Sewell v. Director

Filing 10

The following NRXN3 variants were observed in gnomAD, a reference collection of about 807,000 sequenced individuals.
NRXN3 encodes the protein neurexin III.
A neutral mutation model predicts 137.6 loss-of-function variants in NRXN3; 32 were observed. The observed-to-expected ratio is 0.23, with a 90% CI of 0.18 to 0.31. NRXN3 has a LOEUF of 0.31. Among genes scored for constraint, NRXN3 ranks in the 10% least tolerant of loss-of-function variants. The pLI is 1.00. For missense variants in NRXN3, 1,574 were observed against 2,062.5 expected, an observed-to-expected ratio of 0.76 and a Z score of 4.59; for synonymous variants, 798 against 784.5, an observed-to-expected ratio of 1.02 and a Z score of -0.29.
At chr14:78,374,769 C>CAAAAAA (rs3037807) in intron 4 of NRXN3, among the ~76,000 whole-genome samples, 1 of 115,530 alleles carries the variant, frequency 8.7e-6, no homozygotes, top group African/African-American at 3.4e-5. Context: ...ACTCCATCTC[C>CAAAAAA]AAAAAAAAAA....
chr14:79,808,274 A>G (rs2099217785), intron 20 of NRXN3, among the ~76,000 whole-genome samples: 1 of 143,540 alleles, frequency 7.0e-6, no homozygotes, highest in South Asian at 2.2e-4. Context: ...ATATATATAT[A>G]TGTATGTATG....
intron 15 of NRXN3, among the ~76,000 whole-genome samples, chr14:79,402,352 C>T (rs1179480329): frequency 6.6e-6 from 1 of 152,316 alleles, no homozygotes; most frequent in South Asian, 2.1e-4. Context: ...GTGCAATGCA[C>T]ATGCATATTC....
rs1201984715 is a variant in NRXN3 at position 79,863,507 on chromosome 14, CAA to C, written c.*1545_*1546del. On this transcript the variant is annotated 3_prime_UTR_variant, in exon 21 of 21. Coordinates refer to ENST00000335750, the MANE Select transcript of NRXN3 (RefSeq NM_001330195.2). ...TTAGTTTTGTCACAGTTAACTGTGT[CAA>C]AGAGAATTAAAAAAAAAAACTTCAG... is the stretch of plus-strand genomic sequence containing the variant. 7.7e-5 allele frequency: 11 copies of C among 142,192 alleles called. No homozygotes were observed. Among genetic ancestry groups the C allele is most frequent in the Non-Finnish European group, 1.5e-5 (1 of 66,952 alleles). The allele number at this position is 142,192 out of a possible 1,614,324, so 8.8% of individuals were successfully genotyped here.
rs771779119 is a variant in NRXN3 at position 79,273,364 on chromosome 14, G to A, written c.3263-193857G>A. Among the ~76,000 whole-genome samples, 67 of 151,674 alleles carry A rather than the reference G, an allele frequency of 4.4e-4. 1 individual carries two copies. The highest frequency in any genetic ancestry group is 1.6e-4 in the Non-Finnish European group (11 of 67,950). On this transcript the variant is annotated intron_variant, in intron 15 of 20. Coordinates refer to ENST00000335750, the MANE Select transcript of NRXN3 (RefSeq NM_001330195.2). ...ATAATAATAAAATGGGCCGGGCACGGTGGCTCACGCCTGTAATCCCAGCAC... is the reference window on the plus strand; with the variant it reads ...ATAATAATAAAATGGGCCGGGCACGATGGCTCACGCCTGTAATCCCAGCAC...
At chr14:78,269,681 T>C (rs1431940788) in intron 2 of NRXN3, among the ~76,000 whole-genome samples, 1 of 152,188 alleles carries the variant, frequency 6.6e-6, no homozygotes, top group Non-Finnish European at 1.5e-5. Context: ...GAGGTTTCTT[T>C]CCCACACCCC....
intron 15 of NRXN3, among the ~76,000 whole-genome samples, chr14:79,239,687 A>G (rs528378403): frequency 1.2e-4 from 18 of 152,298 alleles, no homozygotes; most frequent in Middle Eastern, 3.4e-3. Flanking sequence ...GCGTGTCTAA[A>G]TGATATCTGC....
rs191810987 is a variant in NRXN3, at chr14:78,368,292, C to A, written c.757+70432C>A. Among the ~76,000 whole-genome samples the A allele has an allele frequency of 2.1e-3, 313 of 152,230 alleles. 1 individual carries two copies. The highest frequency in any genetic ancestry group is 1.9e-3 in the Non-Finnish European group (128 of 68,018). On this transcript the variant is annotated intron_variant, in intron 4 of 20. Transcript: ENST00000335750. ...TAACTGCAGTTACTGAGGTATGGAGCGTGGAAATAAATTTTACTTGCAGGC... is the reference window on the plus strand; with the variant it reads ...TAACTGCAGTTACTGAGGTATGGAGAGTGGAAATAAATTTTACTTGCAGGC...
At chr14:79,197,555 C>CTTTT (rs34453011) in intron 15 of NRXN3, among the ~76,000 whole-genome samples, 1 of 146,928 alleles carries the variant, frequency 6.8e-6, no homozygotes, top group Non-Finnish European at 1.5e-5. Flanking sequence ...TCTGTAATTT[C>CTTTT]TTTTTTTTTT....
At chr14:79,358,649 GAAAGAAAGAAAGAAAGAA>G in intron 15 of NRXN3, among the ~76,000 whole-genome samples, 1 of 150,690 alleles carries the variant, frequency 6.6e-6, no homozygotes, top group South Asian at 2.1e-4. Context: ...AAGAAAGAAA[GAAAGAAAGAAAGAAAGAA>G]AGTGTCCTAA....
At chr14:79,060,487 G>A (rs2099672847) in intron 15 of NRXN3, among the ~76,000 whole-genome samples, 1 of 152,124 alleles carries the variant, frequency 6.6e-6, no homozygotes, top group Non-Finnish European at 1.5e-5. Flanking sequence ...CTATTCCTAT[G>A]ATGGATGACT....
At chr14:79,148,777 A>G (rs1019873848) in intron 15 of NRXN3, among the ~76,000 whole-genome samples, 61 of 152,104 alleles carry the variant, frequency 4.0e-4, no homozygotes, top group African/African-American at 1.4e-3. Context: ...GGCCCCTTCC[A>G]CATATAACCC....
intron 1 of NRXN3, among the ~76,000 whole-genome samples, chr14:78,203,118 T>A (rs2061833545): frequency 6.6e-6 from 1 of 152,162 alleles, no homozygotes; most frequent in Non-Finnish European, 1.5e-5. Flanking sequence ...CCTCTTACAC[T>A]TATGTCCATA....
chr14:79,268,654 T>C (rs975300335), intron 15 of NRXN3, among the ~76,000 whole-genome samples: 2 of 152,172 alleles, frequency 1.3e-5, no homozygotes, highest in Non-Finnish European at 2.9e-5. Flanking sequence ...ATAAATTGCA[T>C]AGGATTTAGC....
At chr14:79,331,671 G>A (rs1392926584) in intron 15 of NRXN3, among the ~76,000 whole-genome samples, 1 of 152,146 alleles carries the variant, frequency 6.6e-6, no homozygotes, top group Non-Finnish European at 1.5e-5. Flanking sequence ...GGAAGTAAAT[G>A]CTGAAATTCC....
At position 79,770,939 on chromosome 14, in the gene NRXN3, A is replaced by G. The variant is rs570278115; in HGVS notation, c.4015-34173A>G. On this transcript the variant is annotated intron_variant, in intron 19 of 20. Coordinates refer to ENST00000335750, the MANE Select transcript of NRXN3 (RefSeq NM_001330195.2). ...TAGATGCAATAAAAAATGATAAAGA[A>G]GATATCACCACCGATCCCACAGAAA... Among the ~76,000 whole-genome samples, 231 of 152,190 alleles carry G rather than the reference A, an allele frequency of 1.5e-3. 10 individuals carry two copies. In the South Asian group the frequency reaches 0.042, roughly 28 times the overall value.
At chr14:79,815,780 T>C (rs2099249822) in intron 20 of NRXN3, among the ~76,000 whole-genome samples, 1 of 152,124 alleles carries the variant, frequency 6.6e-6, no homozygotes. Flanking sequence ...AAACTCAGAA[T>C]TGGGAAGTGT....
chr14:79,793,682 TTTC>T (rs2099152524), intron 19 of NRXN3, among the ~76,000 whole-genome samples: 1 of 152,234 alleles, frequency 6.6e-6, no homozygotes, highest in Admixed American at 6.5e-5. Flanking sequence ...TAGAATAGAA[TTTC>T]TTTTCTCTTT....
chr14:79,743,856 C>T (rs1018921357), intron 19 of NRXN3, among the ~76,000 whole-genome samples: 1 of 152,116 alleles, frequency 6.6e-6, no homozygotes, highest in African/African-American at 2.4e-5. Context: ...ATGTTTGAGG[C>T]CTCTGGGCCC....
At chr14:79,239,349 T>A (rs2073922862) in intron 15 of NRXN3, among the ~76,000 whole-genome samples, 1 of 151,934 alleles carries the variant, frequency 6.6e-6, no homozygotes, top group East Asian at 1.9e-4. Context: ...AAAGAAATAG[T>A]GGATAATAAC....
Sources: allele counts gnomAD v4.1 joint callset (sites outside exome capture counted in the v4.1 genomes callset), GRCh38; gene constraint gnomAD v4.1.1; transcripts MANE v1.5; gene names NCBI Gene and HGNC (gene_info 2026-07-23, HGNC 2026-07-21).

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IN THE UNITED STATES DISTRICT COURT FOR THE EASTERN DISTRICT OF TEXAS TEXARKANA DIVISION LARRY GENE SEWELL ' VS. ' DIRECTOR, TDCJ-CID ' CIVIL ACTION NO. 5:17-CV-132 MEMORANDUM ORDER OVERRULING PETITIONER=S OBJECTIONS AND ADOPTING THE MAGISTRATE JUDGE=S REPORT AND RECOMMENDATION Petitioner Larry Gene Sewell, a prisoner confined at the Telford Unit of the Texas Department of Criminal Justice, Correctional Institutions Division, brought this petition for writ of habeas corpus pursuant to 28 U.S.C. ' 2254. Docket No. 1. The Court ordered that this matter be referred to the Honorable Caroline Craven, United States Magistrate Judge, for consideration pursuant to applicable laws and orders of this Court. The Magistrate Judge has submitted a Report and Recommendation recommending the petition be denied. Docket No. 4. The Court has received and considered the Report and Recommendation of the Magistrate Judge, along with the record, pleadings and all available evidence. The petitioner filed objections to the Report and Recommendation. Docket No. 5. The Court has conducted a de novo review of the objections in relation to the pleadings and the applicable law. See FED. R. CIV. P. 72(b). After careful consideration, the Court concludes the objections are without merit. The petitioner alleges he was denied due process during a disciplinary proceeding. Docket No. 1 at 6. Prisoners are entitled to certain due process rights if a disciplinary proceeding results in a sanction that imposes upon a liberty interest. Sandin v. Conner, 515 U.S. 472, 483-84 (1995). Generally, the only sanction that imposes upon a liberty interest is the loss of good time credits for an inmate who is eligible for release on mandatory supervision and whose release will be delayed by the loss of the credits. Malchi v. Thaler, 211 F.3d 953, 958 (5th Cir. 2000). The Magistrate Judge found that the petitioner was not entitled to due process during the disciplinary proceeding because he is not eligible for release on mandatory supervision. Docket No. 4 at 2. The petitioner was convicted of murder and sentenced to life imprisonment in 1985. Docket No. 1 at 2. In his objections, the petitioner contends that upon arriving to prison, he was told that he would be a prospect for release on mandatory supervision based on the mandatory supervision statute in effect at that time. Docket No. 5 at 2. The Texas Court of Criminal Appeals, however, has interpreted the mandatory supervision statute, Article 42.12 of the Texas Code of Criminal Procedure, to provide that inmates sentenced to life imprisonment are not eligible for release on mandatory supervision. Ex parte Franks, 71 S.W.3d 327, 327 (Tex. Crim. App. 2001). This has been the case since 1981, prior to when the petitioner committed his offense. Ellason v. Owens, 526 F. App'x 342, 344 (5th Cir. 2013). Here, because the petitioner received a life sentence, he is not eligible for release under the Texas mandatory supervision statute. Id. Therefore, the disciplinary proceeding did not infringe upon a liberty interest, and the petitioner was not entitled to procedural protections before punishment was imposed. Additionally, in this case, the petitioner is not entitled to the issuance of a certificate of appealability. An appeal from a judgment denying federal habeas corpus relief may not proceed Page 2 of 4 unless a judge issues a certificate of appealability. See 28 U.S.C. ' 2253; FED. R. APP. P. 22(b). The standard for granting a certificate of appealability, like that for granting a certificate of probable cause to appeal under prior law, requires the petitioner to make a substantial showing of the denial of a federal constitutional right. See Slack v. McDaniel, 529 U.S. 473, 483-84 (2000); Elizalde v. Dretke, 362 F.3d 323, 328 (5th Cir. 2004); see also Barefoot v. Estelle, 463 U.S. 880, 893 (1982). In making that substantial showing, the petitioner need not establish that he should prevail on the merits. Rather, he must demonstrate that the issues are subject to debate among jurists of reason, that a court could resolve the issues in a different manner, or that the questions presented are worthy of encouragement to proceed further. See Slack, 529 U.S. at 483-84; Avila v. Quarterman, 560 F.3d 299, 304 (5th Cir. 2009). If the petition was denied on procedural grounds, the petitioner must show that jurists of reason would find it debatable: (1) whether the petition raises a valid claim of the denial of a constitutional right, and (2) whether the district court was correct in its procedural ruling. Slack, 529 U.S. at 484; Elizalde, 362 F.3d at 328. Any doubt regarding whether to grant a certificate of appealability is resolved in favor of the petitioner, and the severity of the penalty may be considered in making this determination. See Miller v. Johnson, 200 F.3d 274, 280-81 (5th Cir. 2000). The petitioner has not shown that any of the issues raised by his claims are subject to debate among jurists of reason or that a procedural ruling was incorrect. The factual and legal questions advanced by the petitioner are not novel and have been consistently resolved adversely to his position. In addition, the questions presented are not worthy of encouragement to proceed further. Petitioner has failed to make a sufficient showing to merit the issuance of a certificate of appealability. Page 3 of 4 Accordingly, the petitioner=s objections are OVERRULED. The findings of fact and conclusions of law of the Magistrate Judge are correct, and the report of the Magistrate Judge is ADOPTED. A final judgment will be entered in this case in accordance with the Magistrate Judge=s recommendation. A certificate of appealability will not be issued. SIGNED this 11th day of January, 2018. ____________________________________ ROBERT W. SCHROEDER III UNITED STATES DISTRICT JUDGE Page 4 of 4